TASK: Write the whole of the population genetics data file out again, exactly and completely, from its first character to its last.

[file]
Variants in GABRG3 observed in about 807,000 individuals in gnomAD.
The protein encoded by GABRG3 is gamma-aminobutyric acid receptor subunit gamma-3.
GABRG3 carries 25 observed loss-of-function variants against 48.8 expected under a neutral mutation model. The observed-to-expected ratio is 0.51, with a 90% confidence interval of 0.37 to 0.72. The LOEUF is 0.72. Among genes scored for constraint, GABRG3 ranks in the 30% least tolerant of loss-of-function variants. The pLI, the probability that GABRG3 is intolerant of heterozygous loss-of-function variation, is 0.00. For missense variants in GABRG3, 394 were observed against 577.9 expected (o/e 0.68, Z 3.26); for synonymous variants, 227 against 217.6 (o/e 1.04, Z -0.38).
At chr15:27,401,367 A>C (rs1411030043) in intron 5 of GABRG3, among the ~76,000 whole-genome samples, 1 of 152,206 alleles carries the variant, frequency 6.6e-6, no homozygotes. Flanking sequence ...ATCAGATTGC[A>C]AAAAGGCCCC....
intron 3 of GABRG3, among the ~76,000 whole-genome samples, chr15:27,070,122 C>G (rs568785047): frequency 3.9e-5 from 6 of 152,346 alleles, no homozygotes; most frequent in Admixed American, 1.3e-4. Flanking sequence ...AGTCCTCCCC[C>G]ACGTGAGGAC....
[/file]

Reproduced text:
Variants in GABRG3 observed in about 807,000 individuals in gnomAD.
The protein encoded by GABRG3 is gamma-aminobutyric acid receptor subunit gamma-3.
GABRG3 carries 25 observed loss-of-function variants against 48.8 expected under a neutral mutation model. The observed-to-expected ratio is 0.51, with a 90% confidence interval of 0.37 to 0.72. The LOEUF is 0.72. Among genes scored for constraint, GABRG3 ranks in the 30% least tolerant of loss-of-function variants. The pLI, the probability that GABRG3 is intolerant of heterozygous loss-of-function variation, is 0.00. For missense variants in GABRG3, 394 were observed against 577.9 expected (o/e 0.68, Z 3.26); for synonymous variants, 227 against 217.6 (o/e 1.04, Z -0.38).
At chr15:27,401,367 A>C (rs1411030043) in intron 5 of GABRG3, among the ~76,000 whole-genome samples, 1 of 152,206 alleles carries the variant, frequency 6.6e-6, no homozygotes. Flanking sequence ...ATCAGATTGC[A>C]AAAAGGCCCC....
intron 3 of GABRG3, among the ~76,000 whole-genome samples, chr15:27,070,122 C>G (rs568785047): frequency 3.9e-5 from 6 of 152,346 alleles, no homozygotes; most frequent in Admixed American, 1.3e-4. Flanking sequence ...AGTCCTCCCC[C>G]ACGTGAGGAC....